1.2.4 Capitalistic Farming

Various forms of farming with characteristics of capitalistic management exist in the world. Examples are the farming corporations in North America, the ranches in Latin America, and the agroindustrial konbinats in Eastern Europe. The most important type of capitalistic farming in the developing countries are the plantations. A plantation is a large scale farm that primarily grows perennial crops, e.g., trees or bushes or shrubs, frequently in a one crop system. The produce is usually processed industrially in the plantation's own processing plant and is destined for export (sugar cane, bananas, tea, coffee, cacao, sisal, oil palms, coconut, etc,), The plantation are often owned by foreigners.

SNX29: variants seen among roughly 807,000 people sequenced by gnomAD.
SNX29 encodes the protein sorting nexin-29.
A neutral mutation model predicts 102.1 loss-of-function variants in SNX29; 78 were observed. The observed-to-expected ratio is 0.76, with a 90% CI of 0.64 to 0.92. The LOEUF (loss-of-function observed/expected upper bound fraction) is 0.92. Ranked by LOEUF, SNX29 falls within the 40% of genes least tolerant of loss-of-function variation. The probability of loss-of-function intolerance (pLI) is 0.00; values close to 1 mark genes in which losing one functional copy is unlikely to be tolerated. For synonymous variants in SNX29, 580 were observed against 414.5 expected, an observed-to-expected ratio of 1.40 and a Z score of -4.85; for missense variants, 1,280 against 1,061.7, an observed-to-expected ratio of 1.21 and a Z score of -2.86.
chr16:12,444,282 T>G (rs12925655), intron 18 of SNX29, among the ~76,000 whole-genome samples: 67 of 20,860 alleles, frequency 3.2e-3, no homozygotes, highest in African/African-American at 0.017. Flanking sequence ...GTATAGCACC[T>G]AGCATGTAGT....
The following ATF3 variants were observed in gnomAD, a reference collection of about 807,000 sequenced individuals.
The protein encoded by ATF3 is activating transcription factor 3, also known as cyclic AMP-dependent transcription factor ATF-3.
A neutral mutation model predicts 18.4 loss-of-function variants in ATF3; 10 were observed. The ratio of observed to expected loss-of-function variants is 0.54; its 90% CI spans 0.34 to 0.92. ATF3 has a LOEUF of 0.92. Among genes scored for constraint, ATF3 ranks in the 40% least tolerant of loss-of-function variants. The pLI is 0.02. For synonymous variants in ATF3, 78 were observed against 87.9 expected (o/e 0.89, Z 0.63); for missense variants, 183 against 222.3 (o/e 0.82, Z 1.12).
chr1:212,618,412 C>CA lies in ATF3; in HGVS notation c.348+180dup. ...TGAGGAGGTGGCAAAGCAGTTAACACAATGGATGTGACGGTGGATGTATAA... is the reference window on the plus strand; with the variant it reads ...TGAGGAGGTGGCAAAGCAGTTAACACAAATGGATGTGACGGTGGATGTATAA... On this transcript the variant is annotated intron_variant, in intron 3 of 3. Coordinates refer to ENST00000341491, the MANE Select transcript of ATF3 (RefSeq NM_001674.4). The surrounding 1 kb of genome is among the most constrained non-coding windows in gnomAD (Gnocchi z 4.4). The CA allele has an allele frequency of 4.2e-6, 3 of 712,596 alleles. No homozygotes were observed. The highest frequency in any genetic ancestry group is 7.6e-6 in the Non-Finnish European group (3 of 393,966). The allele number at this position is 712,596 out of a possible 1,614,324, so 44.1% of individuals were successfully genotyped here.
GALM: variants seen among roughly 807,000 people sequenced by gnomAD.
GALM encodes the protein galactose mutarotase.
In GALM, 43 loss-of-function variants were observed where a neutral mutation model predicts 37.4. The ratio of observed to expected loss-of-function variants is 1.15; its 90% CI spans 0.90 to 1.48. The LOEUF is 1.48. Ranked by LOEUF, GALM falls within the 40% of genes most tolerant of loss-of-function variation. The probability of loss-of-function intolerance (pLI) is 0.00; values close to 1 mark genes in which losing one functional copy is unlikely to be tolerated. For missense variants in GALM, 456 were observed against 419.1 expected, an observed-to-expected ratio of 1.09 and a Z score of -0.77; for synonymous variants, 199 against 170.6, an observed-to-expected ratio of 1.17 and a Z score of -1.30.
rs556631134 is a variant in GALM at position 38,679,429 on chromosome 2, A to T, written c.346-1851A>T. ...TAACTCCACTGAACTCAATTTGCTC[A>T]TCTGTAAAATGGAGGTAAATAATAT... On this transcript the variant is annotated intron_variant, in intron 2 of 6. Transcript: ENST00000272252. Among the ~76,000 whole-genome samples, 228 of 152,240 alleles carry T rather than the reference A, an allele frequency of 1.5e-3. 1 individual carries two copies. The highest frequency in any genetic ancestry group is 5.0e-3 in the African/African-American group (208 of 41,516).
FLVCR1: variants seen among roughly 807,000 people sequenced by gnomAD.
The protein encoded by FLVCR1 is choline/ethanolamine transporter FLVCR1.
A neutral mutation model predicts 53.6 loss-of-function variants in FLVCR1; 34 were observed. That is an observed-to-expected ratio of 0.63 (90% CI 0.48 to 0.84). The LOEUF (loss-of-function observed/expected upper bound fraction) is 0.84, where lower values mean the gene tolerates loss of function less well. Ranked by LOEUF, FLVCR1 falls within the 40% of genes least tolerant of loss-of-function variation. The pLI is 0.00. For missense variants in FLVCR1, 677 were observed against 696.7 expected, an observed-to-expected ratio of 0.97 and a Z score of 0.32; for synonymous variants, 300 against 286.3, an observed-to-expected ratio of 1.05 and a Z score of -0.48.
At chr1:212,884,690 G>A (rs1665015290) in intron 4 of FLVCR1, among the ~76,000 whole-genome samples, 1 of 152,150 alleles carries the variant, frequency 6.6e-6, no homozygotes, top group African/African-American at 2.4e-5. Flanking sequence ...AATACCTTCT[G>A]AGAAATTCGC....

The industrial processing demands consistent quality and an uninterrupted delivery of a quantity sufficient enough to make full use of the plants' capacity. The management is, therefore, characterized by strict control and a rigid hierarchy. By employing top level personnel for the management, the productivity is very high. The plantation, however, serves first and foremost foreign interests and, as an enclave, is often of little benefit to the domestic economy. The countries receive large sums from the export taxes, indeed; however, the economic and political influence is sometimes considerable. Furthermore, the social conditions are often poor, although this varies. The working mass has a very low income, few prospects of a better job, and often miserable living conditions. The plantation supplies living quarters, indeed, but they are frequently of the poorest quality. Nutritional and health conditions are poor, partly due to the lacking subsistence production. Labourers are often recruited from other regions, countries, or population groups, which leads to even greater problems. Plantations that are owned by the domestic elite have the same characteristics, with the only difference being that the productivity is frequently lower.